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Jess Robinson > DBIx-Class-Tutorial > DBIx::Class::Tutorial::Part3


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If you missed the previous parts, go and start reading at DBIx::Class::Tutorial::Part1.

Stay here if you're just after ways to deal with the data you're getting out of DBIx::Class, or adding your own accessors.


Inflation and Deflation

The act of converting data coming out of the database, into a useful object in order to call methods on it, is called Inflation. This is usually done for the data from one column of a Row. The classic example is a field containing data representing a specific date and time. The data type for these fields is usually datetime or timestamp. An Inflator can turn the datetime data into a DateTime object.

Deflation is the opposite. Turning a supplied object back into a string or other piece of data suitable for inserting into the database.

Auto-Incrementing and Sequences

Most databases provide a way to auto-increment a numeric column, usually an integer column, to use as a primary key. Some allow you to create a sequence which can be queried for its next value, to use as the primary key. The difficulty with creating new rows using auto-increment primary keys is retrieving the value of the key after a new row has been inserted.

Non-column data

An oft-asked question is: How can I add accessors to my Result classes to store non-column data?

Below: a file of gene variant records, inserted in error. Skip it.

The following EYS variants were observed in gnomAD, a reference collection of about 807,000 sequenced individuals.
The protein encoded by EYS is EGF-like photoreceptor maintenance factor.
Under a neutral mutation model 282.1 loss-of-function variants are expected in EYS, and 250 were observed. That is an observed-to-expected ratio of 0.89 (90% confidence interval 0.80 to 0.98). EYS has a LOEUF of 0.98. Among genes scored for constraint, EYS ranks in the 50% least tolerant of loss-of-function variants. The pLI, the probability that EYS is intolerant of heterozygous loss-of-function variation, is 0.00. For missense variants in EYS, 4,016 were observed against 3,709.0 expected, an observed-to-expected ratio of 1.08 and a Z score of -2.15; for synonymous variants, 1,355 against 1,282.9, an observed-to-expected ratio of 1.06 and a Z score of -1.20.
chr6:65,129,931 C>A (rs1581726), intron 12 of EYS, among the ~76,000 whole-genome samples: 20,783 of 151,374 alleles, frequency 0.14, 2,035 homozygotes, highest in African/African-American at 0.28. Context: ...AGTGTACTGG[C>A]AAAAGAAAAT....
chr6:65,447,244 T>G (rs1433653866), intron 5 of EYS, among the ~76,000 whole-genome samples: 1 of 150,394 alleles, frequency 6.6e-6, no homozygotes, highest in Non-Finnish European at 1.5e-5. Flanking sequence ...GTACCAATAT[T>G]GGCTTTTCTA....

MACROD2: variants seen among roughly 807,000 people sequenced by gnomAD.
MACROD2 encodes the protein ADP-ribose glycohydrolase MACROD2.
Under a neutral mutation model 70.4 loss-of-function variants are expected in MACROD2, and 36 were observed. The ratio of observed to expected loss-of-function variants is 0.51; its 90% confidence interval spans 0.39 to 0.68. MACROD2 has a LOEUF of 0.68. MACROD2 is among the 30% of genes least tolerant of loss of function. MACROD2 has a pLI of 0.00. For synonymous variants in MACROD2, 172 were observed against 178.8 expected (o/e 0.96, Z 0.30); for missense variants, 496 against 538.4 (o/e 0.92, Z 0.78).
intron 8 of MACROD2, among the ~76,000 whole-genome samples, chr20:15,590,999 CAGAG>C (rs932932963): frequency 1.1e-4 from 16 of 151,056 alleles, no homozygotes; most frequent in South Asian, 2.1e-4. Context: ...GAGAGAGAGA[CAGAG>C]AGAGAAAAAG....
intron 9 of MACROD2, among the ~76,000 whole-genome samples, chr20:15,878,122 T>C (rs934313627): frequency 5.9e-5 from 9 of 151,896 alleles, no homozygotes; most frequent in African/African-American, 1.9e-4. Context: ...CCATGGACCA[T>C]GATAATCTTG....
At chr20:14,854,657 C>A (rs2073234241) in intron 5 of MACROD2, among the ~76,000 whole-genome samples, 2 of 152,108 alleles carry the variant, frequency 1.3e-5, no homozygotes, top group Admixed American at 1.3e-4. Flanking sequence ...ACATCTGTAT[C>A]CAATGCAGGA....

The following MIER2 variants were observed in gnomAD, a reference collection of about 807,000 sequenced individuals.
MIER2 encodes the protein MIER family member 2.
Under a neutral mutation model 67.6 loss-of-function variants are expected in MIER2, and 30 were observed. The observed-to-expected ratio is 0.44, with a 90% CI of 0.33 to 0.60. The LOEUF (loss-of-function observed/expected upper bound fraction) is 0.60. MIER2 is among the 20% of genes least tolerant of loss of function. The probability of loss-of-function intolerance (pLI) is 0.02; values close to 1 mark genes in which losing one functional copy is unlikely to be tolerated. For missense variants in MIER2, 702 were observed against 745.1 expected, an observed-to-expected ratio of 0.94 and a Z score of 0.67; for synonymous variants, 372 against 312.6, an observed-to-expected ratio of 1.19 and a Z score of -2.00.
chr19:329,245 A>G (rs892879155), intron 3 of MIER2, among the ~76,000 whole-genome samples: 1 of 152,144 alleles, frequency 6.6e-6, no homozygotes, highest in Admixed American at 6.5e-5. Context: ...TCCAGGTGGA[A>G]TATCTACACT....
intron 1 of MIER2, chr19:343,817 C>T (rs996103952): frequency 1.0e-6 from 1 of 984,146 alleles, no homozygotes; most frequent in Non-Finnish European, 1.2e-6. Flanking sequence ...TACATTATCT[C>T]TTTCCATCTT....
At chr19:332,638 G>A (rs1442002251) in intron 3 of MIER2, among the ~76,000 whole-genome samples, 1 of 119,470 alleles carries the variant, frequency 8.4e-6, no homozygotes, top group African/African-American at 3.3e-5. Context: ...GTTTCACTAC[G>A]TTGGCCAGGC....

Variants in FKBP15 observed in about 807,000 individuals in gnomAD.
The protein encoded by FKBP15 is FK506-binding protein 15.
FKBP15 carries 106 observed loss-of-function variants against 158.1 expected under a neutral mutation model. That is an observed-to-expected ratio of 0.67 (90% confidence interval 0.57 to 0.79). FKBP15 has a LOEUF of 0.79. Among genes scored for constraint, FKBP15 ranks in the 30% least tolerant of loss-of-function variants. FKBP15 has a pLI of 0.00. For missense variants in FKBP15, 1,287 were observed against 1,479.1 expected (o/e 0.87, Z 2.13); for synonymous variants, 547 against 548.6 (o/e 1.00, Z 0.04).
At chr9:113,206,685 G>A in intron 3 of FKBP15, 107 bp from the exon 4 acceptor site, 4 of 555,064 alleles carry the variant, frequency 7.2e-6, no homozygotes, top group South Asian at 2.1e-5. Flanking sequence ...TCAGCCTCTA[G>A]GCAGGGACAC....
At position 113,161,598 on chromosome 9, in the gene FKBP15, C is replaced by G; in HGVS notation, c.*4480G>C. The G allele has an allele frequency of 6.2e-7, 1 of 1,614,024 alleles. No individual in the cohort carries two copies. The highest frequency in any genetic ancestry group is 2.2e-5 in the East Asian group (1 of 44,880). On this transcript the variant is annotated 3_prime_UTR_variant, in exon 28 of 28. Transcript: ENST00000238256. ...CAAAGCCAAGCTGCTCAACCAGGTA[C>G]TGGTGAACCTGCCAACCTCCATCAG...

We can easily add new accessors to Row objects to set and retrieve data not stored in the database.

Dealing with Primary Keys ^

DBIx::Class automatically fetches the primary key from the database for you, and stores it in your new row object.

  ## Fetch a new path and print its ID:
  my $path = $schema->resultset('Path')->create(
    { path => '/support', }
  print $path->id;

This is done using last_insert_id.

Tables using sequences for their primary keys should be updated using a trigger to update the value. The name of the sequence can be set in the add_columns so that the last value can be fetched by DBIx::Class::PK::Auto.

Turning values into useful objects ^

Just retrieving raw data from the database is only half the battle. You likely want to also do something useful with it, or manipulate it and re-insert. For example, many tables have a field containing the date and time the row was created, or last modified.

If we want to take that date and display, for example, how long since the row was modified in days/hours/minutes, it would be useful to have that datetime value as a DateTime object, then we can use DateTime::Duration or similar to display the elapsed time.

To do this, we can add a new component to the Result classes. In lib/Breadcrumbs/Schema/ you'll notice a line that says:

  __PACKAGE__->load_components(qw/ Core/);

It may contain other components as well. Add the InflateColumn::DateTime component in front of the existing ones.

  __PACKAGE__->load_components(qw/ InflateColumn::DateTime Core /);